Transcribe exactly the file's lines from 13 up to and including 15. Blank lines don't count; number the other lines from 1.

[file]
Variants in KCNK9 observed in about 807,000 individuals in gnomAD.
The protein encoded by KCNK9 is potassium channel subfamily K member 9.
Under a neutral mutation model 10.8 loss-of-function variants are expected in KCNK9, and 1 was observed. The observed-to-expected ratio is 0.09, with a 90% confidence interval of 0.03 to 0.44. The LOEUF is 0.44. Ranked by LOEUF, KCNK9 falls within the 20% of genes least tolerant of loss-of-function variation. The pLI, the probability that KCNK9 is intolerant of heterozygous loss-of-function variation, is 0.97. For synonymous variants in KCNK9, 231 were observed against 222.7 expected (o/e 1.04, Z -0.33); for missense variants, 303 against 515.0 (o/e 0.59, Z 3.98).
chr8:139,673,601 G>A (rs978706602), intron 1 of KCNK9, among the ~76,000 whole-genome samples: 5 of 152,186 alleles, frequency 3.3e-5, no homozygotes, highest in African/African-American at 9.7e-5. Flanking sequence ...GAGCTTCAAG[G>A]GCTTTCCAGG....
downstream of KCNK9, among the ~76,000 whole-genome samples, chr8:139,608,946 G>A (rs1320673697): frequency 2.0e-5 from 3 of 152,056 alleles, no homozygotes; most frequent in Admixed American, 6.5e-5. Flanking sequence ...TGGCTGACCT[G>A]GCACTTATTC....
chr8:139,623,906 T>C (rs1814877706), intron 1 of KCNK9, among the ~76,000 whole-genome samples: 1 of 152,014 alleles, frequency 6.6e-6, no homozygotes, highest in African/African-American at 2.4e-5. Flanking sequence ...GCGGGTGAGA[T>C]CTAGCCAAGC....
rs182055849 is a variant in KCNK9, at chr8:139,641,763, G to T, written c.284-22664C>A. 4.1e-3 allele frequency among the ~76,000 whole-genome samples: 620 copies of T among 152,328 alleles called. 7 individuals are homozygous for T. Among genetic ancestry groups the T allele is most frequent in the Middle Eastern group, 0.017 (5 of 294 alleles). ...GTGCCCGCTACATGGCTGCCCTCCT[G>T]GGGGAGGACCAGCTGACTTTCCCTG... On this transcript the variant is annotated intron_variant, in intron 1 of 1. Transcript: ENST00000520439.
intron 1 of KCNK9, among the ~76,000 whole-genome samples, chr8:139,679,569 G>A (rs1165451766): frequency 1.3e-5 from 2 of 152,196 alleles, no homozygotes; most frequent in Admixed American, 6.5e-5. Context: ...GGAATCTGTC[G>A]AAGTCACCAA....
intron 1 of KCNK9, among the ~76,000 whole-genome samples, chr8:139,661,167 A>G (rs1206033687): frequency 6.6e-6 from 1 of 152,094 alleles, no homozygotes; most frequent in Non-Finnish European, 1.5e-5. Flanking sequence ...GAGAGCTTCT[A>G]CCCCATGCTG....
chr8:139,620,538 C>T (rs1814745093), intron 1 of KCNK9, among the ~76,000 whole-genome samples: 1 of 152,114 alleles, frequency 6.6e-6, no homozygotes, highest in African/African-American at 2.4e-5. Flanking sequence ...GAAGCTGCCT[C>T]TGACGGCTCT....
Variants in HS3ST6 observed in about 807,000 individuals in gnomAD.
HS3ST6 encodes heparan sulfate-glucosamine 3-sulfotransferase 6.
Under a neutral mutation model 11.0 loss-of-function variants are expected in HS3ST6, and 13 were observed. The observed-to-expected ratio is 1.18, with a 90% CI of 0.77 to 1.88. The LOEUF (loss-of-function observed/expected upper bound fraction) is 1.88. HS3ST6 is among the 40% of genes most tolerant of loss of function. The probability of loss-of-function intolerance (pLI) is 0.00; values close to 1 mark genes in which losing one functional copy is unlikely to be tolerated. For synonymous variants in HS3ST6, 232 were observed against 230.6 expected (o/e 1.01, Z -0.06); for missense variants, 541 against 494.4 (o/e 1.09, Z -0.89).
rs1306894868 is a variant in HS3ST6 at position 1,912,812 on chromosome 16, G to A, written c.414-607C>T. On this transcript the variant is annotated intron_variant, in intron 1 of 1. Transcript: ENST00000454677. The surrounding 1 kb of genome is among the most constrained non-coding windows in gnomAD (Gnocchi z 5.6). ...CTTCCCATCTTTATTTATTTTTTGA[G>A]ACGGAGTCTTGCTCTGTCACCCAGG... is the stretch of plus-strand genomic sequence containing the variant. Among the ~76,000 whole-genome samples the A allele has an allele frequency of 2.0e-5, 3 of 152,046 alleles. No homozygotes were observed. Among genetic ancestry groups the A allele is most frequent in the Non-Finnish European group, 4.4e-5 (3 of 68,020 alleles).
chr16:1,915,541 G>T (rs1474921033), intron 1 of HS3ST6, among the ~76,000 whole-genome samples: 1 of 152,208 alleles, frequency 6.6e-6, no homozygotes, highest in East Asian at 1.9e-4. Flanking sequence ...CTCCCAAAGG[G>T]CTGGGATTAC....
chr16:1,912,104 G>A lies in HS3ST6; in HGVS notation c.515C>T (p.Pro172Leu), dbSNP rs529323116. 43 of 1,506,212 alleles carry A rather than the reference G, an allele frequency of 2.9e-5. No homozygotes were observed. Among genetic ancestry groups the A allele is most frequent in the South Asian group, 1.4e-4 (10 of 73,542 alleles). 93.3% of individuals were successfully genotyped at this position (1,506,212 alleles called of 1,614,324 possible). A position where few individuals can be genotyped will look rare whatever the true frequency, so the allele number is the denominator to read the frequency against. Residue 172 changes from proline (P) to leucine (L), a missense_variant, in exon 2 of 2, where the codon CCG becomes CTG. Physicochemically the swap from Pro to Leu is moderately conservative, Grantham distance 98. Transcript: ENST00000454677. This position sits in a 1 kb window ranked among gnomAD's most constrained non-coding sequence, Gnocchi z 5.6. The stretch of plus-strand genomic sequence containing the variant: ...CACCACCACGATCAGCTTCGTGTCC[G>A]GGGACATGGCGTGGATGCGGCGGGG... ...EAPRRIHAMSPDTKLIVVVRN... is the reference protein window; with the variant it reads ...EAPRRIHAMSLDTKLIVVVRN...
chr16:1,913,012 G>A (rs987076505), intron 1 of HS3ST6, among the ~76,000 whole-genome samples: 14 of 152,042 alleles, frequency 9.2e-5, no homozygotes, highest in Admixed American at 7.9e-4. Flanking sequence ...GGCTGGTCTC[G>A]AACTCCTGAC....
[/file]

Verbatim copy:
Under a neutral mutation model 11.0 loss-of-function variants are expected in HS3ST6, and 13 were observed. The observed-to-expected ratio is 1.18, with a 90% CI of 0.77 to 1.88. The LOEUF (loss-of-function observed/expected upper bound fraction) is 1.88. HS3ST6 is among the 40% of genes most tolerant of loss of function. The probability of loss-of-function intolerance (pLI) is 0.00; values close to 1 mark genes in which losing one functional copy is unlikely to be tolerated. For synonymous variants in HS3ST6, 232 were observed against 230.6 expected (o/e 1.01, Z -0.06); for missense variants, 541 against 494.4 (o/e 1.09, Z -0.89).
rs1306894868 is a variant in HS3ST6 at position 1,912,812 on chromosome 16, G to A, written c.414-607C>T. On this transcript the variant is annotated intron_variant, in intron 1 of 1. Transcript: ENST00000454677. The surrounding 1 kb of genome is among the most constrained non-coding windows in gnomAD (Gnocchi z 5.6). ...CTTCCCATCTTTATTTATTTTTTGA[G>A]ACGGAGTCTTGCTCTGTCACCCAGG... is the stretch of plus-strand genomic sequence containing the variant. Among the ~76,000 whole-genome samples the A allele has an allele frequency of 2.0e-5, 3 of 152,046 alleles. No homozygotes were observed. Among genetic ancestry groups the A allele is most frequent in the Non-Finnish European group, 4.4e-5 (3 of 68,020 alleles).
chr16:1,915,541 G>T (rs1474921033), intron 1 of HS3ST6, among the ~76,000 whole-genome samples: 1 of 152,208 alleles, frequency 6.6e-6, no homozygotes, highest in East Asian at 1.9e-4. Flanking sequence ...CTCCCAAAGG[G>T]CTGGGATTAC....